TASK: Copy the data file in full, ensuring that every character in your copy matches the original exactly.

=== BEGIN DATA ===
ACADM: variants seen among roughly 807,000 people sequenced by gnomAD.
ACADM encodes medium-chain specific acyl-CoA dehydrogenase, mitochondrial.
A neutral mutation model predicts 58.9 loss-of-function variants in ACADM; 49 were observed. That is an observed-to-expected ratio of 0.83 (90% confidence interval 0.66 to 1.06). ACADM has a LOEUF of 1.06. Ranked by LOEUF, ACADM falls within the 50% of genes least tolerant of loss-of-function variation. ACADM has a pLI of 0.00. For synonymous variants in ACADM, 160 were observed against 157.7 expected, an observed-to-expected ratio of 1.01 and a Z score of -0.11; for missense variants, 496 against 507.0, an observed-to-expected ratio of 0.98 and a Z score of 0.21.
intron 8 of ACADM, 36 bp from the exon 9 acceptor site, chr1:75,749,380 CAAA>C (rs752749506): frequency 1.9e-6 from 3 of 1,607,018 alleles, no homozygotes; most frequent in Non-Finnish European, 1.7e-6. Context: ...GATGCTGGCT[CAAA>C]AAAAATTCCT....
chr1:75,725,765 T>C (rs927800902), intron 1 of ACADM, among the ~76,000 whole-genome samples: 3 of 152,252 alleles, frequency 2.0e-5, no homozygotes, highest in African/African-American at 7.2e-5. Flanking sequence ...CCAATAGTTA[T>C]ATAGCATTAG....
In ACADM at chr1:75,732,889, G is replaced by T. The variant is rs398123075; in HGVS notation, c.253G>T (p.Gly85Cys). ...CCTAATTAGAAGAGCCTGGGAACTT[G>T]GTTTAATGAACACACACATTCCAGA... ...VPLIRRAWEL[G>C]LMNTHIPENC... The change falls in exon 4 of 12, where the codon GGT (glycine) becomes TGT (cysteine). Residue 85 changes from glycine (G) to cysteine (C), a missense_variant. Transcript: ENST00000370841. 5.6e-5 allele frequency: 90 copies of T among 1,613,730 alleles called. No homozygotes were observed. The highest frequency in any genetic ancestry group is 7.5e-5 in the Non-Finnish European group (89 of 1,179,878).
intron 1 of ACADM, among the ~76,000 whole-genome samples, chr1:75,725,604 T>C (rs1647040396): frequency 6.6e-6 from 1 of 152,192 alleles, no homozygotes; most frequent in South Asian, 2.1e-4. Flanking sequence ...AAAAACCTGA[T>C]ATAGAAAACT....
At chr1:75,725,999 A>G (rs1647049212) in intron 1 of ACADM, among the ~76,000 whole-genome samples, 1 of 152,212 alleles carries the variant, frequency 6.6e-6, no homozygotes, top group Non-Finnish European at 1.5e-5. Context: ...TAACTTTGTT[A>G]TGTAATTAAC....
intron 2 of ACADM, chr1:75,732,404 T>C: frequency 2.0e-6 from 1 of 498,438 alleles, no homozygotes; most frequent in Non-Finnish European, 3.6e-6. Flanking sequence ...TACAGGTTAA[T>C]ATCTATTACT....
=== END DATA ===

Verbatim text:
ACADM: variants seen among roughly 807,000 people sequenced by gnomAD.
ACADM encodes medium-chain specific acyl-CoA dehydrogenase, mitochondrial.
A neutral mutation model predicts 58.9 loss-of-function variants in ACADM; 49 were observed. That is an observed-to-expected ratio of 0.83 (90% confidence interval 0.66 to 1.06). ACADM has a LOEUF of 1.06. Ranked by LOEUF, ACADM falls within the 50% of genes least tolerant of loss-of-function variation. ACADM has a pLI of 0.00. For synonymous variants in ACADM, 160 were observed against 157.7 expected, an observed-to-expected ratio of 1.01 and a Z score of -0.11; for missense variants, 496 against 507.0, an observed-to-expected ratio of 0.98 and a Z score of 0.21.
intron 8 of ACADM, 36 bp from the exon 9 acceptor site, chr1:75,749,380 CAAA>C (rs752749506): frequency 1.9e-6 from 3 of 1,607,018 alleles, no homozygotes; most frequent in Non-Finnish European, 1.7e-6. Context: ...GATGCTGGCT[CAAA>C]AAAAATTCCT....
chr1:75,725,765 T>C (rs927800902), intron 1 of ACADM, among the ~76,000 whole-genome samples: 3 of 152,252 alleles, frequency 2.0e-5, no homozygotes, highest in African/African-American at 7.2e-5. Flanking sequence ...CCAATAGTTA[T>C]ATAGCATTAG....
In ACADM at chr1:75,732,889, G is replaced by T. The variant is rs398123075; in HGVS notation, c.253G>T (p.Gly85Cys). ...CCTAATTAGAAGAGCCTGGGAACTT[G>T]GTTTAATGAACACACACATTCCAGA... ...VPLIRRAWEL[G>C]LMNTHIPENC... The change falls in exon 4 of 12, where the codon GGT (glycine) becomes TGT (cysteine). Residue 85 changes from glycine (G) to cysteine (C), a missense_variant. Transcript: ENST00000370841. 5.6e-5 allele frequency: 90 copies of T among 1,613,730 alleles called. No homozygotes were observed. The highest frequency in any genetic ancestry group is 7.5e-5 in the Non-Finnish European group (89 of 1,179,878).
intron 1 of ACADM, among the ~76,000 whole-genome samples, chr1:75,725,604 T>C (rs1647040396): frequency 6.6e-6 from 1 of 152,192 alleles, no homozygotes; most frequent in South Asian, 2.1e-4. Flanking sequence ...AAAAACCTGA[T>C]ATAGAAAACT....
At chr1:75,725,999 A>G (rs1647049212) in intron 1 of ACADM, among the ~76,000 whole-genome samples, 1 of 152,212 alleles carries the variant, frequency 6.6e-6, no homozygotes, top group Non-Finnish European at 1.5e-5. Context: ...TAACTTTGTT[A>G]TGTAATTAAC....
intron 2 of ACADM, chr1:75,732,404 T>C: frequency 2.0e-6 from 1 of 498,438 alleles, no homozygotes; most frequent in Non-Finnish European, 3.6e-6. Flanking sequence ...TACAGGTTAA[T>C]ATCTATTACT....